There is an old saying known to every one to the effect that: 'When the Cat's away, the Mice will play.' I always felt that it was a statement that referred to an abatement of the natural and very logical cowardice and consequent dampening of the spirits of the mice in the presence of their predators. When the Cat no longer is sensed, the Mice can run amok or celebrate, dance and sing or do whatever it is that Mice long to do but seldom can.
The owner of the house in which I live is gone for a couple of days and I therefore have unrestricted access to the spacious kitchen on the upper floor. The prospect excited me most for the sake of the Puttikins who usually are forced to live in a rather small and shabby space with me on the ground floor.
The Puttikins' Holiday has not been an unqualified success. They say that prisoners become comfortable in their cells and often cannot stand the prospect of freedom. Those who are accustomed to small, enclosed spaces often are distressed when confronted with wide, unrestricted places or open skies. It is a sad fact and one that can be applied to Cats as well as human beings.
I have been able to do very little work of any kind or even eat a proper meal since I began 'Operation Air-Lift Puttikins'. I bring them up the stairs one by one to deposit them in the kitchen. I cannot carry more than one at a time. Inevitably, the first one to arrive cries piteously and loudly, standing at the door, poised to hurtle out of the room, until the next one arrives.
Even with two or three of them in the room, the response is not positive at first. They agitate one another, crying and pacing. Even the one that was introduced to the kitchen previously on a few occasions finds the atmosphere of general paranoia contagious.
They wail and rant at me, begging to be taken back into their 'cell' with their comrades. It does not matter how I respond. I can talk to them until I am blue in the face and they do not become more resigned to their temporary freedom. I can set out any number of delicacies and they will spurn or ignore them completely. Even the addition of one of their old litter boxes has not given them any sense of security.
The worst offender has been Pumpkin, oddly enough. I had no idea that he had become such a coward. When brought here alone, he wailed horribly even though I held him and caressed him constantly. Any noise at all, whether the firing up of the air conditioner in the wall or a tiny sound when the house shifted sent him into a paroxym of terror.
After an hour of complete and unrelenting agony for both of us, I surrendered to his stubborn fears and took him downstairs again.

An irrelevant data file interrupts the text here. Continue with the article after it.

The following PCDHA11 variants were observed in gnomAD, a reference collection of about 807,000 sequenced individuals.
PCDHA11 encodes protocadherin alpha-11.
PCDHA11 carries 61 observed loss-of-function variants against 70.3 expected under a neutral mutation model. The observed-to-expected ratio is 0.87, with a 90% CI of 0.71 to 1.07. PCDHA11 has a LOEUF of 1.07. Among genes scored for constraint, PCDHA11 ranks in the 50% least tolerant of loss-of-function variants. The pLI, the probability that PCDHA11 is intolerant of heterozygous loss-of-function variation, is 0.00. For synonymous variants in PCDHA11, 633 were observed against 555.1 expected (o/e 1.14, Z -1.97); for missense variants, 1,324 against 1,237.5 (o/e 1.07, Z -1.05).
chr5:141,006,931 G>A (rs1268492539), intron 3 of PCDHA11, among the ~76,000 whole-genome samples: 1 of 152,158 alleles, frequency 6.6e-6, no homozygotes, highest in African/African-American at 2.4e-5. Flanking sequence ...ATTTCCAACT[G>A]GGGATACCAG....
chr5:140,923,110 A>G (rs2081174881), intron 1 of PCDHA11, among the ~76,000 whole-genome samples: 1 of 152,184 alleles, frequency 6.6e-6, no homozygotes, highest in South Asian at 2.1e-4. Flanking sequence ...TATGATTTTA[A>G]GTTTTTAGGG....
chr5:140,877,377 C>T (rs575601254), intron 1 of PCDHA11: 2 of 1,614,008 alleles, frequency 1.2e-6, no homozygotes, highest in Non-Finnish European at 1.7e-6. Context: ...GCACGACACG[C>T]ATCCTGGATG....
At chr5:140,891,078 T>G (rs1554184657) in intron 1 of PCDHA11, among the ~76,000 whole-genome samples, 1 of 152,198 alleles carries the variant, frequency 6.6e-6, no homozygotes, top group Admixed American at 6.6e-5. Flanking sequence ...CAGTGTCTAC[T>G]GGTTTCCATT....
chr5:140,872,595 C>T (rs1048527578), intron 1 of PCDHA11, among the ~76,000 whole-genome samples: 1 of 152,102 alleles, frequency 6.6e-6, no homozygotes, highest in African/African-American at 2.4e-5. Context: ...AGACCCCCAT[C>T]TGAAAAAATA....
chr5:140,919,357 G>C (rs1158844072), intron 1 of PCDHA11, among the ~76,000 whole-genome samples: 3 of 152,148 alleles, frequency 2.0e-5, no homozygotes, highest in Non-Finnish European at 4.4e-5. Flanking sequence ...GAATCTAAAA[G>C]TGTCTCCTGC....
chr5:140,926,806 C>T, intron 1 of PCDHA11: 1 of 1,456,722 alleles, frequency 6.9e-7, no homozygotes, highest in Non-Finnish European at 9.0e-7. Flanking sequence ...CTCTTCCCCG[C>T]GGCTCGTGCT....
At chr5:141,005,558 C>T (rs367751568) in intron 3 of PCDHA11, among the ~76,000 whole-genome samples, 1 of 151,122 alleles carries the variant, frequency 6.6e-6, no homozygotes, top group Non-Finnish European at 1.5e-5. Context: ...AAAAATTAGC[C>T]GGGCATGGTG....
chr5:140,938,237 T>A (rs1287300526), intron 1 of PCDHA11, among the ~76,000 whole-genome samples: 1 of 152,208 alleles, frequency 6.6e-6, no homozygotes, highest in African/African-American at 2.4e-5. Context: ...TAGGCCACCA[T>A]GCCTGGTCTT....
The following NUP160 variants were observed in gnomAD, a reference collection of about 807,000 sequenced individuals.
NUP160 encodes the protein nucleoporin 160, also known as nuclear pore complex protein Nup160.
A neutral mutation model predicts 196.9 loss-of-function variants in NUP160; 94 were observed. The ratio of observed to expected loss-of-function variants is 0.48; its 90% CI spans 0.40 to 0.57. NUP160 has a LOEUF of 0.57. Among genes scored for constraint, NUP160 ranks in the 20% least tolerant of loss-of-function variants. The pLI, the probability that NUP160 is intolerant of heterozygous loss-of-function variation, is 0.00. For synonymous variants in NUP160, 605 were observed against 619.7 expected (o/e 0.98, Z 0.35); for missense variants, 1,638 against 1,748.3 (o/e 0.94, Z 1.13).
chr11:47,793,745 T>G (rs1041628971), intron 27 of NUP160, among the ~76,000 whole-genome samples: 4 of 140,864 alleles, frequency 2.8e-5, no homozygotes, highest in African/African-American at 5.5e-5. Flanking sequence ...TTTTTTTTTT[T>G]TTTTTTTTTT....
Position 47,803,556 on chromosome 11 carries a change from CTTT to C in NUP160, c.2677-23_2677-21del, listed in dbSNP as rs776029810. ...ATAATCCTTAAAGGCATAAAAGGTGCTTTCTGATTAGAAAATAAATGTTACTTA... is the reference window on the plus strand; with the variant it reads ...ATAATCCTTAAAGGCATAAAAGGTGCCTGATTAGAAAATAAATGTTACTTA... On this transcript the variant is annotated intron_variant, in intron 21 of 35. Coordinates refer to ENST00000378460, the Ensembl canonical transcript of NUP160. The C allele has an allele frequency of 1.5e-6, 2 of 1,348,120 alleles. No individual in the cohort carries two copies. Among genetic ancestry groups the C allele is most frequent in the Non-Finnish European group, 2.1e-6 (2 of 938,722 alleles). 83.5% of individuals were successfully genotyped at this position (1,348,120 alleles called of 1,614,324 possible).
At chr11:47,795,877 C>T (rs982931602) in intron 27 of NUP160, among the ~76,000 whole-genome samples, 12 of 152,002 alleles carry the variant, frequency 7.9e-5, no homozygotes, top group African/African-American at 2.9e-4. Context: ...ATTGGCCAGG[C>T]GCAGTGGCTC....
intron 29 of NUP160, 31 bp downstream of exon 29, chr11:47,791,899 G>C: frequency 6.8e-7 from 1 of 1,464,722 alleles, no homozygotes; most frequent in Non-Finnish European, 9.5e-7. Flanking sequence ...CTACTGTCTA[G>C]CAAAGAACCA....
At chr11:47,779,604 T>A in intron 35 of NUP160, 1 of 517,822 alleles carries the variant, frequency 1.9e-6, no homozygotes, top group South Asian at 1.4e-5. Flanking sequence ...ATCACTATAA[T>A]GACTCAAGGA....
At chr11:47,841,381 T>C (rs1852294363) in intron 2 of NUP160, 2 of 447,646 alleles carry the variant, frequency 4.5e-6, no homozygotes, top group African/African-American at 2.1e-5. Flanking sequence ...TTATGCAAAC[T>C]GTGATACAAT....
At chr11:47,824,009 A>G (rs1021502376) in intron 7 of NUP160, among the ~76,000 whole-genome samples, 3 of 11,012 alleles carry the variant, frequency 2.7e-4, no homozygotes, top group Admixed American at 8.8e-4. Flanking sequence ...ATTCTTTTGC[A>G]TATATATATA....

This morning, I had to clean one of the Tiny Babies in the half-bath on the same floor as the kitchen. After doing so, I left her here while I fetched Ash, her father. Ash, who once was so paranoid that he feared his own newborn offspring, now demonstrates far more calmness than most of my feline family. He was one of the first to be brought to the kitchen as well when the door closed behind the owner. Yet, when little Iseult of the White Paw began to wail, he joined her in a duet.
The entire day has been spent with this sort of nonsense. After importing Apollodoro once Iseult and Ash became inured to the new space, I decided to bring Pumpkin back for an encore. Once again, his piteous wails rose to the heavens...
I took him into the little half-bath for a combing and while on my lap there, he became still at last. When I began to carry him back to the kitchen, he leapt from my arms to race back into the bathroom. The three other Cats followed with lightning speed.
The half-bath is far smaller than the ordinary space in which they live. There is no room in there even to swing the proverbial cat. All four Cats packed themselves into the room like sardines and for the first time in two days, they looked utterly content.
I surrendered and left them there. I think part of the struggle, apart from the terror, was due to the natural stubborn nature of the Cat. They are not obedient. They do things in their own way, in their own time.
Here comes Ash at last, sauntering out of the tiny water closet to leapt onto the chair next to mine. He is licking my hand now... No doubt the others, discovering that they have won a great victory against me, will follow sooner or later. By that time, however, I shall be obliged to take them downstairs again so we all can go to bed for the night.